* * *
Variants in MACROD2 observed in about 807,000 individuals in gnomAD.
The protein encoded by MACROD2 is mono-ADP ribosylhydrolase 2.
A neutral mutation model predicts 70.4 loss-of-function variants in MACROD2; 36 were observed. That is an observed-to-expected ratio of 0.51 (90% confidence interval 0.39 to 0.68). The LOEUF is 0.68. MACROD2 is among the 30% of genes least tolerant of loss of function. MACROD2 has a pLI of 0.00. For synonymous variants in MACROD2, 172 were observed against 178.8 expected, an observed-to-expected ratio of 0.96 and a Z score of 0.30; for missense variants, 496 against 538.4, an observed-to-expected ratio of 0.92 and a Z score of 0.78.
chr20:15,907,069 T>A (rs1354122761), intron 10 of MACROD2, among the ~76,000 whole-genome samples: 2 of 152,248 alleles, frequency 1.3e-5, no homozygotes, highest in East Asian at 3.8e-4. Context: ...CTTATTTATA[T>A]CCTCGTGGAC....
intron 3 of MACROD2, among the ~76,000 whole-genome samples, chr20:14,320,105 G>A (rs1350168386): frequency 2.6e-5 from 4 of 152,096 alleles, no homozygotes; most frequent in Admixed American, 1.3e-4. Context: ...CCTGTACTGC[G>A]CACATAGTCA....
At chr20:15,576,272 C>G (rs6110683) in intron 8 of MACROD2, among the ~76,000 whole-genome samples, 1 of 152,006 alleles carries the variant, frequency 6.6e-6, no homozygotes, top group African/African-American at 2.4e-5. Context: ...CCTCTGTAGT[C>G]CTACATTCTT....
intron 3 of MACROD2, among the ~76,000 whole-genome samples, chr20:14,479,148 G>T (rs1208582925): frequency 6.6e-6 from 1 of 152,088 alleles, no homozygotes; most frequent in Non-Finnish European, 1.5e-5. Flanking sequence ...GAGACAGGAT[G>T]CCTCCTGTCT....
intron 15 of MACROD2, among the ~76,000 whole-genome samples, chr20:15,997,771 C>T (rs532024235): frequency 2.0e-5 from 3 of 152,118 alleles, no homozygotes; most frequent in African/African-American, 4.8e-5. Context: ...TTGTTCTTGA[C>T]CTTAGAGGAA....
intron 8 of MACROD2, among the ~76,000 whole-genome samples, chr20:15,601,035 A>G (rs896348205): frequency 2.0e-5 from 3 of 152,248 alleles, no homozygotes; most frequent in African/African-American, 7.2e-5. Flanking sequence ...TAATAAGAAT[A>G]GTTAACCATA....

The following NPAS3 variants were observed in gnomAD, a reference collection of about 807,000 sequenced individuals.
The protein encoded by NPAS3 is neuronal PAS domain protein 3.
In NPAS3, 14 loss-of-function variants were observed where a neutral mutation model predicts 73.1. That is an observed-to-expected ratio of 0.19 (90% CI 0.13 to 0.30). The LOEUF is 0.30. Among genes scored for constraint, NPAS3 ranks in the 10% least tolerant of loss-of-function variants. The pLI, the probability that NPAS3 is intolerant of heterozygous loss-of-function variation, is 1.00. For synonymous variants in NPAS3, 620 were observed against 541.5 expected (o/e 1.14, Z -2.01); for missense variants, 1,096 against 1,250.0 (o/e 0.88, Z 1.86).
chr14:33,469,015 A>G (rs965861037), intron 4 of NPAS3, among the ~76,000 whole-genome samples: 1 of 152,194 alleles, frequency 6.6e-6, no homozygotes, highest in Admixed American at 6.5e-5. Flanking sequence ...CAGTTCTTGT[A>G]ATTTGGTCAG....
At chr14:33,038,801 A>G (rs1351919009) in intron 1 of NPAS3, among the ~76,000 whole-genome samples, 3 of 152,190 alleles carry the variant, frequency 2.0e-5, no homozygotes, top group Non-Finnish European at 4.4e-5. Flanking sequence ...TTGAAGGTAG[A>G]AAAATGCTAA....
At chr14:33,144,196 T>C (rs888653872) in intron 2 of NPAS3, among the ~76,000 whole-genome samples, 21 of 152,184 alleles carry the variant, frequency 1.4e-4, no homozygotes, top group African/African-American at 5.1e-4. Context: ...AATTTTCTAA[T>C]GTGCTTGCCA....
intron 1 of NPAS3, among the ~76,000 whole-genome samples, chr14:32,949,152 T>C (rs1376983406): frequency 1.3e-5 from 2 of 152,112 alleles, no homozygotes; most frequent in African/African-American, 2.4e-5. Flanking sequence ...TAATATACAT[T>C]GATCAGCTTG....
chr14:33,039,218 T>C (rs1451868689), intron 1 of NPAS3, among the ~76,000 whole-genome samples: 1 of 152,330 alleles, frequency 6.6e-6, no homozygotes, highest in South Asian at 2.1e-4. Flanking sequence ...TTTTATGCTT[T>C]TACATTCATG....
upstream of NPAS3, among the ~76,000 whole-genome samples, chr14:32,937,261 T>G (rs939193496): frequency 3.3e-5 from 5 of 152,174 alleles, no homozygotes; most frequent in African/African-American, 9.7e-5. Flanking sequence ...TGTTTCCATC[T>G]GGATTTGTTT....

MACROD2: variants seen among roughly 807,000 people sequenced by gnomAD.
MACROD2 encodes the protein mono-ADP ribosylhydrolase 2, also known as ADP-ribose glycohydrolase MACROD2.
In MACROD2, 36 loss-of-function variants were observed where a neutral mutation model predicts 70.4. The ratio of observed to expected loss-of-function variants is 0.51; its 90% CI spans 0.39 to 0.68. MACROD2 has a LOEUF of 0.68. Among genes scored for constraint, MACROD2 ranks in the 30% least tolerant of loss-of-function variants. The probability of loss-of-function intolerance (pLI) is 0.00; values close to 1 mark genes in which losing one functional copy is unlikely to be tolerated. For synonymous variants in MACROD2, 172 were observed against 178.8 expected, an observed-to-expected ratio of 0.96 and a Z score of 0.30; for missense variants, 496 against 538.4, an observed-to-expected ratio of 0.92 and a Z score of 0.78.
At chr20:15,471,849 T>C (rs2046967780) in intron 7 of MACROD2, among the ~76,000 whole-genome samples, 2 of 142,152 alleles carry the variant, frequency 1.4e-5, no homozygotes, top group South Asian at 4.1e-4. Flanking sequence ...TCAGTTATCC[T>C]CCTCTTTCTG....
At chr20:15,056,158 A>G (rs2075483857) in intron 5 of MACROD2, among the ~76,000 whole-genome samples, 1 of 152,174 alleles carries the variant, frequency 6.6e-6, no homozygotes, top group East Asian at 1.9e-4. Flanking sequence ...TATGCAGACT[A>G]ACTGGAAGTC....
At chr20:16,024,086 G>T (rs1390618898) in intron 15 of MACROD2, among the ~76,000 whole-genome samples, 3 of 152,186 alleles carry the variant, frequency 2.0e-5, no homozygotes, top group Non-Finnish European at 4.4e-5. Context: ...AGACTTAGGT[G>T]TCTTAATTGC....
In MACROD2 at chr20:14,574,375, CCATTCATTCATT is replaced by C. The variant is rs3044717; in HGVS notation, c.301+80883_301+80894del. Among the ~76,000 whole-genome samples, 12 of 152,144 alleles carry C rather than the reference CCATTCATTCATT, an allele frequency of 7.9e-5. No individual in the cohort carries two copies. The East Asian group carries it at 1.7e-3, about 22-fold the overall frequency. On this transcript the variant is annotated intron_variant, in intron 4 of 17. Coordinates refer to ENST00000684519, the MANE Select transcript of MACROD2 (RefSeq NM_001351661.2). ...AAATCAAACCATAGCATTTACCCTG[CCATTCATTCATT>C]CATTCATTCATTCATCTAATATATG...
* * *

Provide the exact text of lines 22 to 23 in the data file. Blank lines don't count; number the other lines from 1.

At chr20:15,471,849 T>C (rs2046967780) in intron 7 of MACROD2, among the ~76,000 whole-genome samples, 2 of 142,152 alleles carry the variant, frequency 1.4e-5, no homozygotes, top group South Asian at 4.1e-4. Flanking sequence ...TCAGTTATCC[T>C]CCTCTTTCTG....
At chr20:15,056,158 A>G (rs2075483857) in intron 5 of MACROD2, among the ~76,000 whole-genome samples, 1 of 152,174 alleles carries the variant, frequency 6.6e-6, no homozygotes, top group East Asian at 1.9e-4. Flanking sequence ...TATGCAGACT[A>G]ACTGGAAGTC....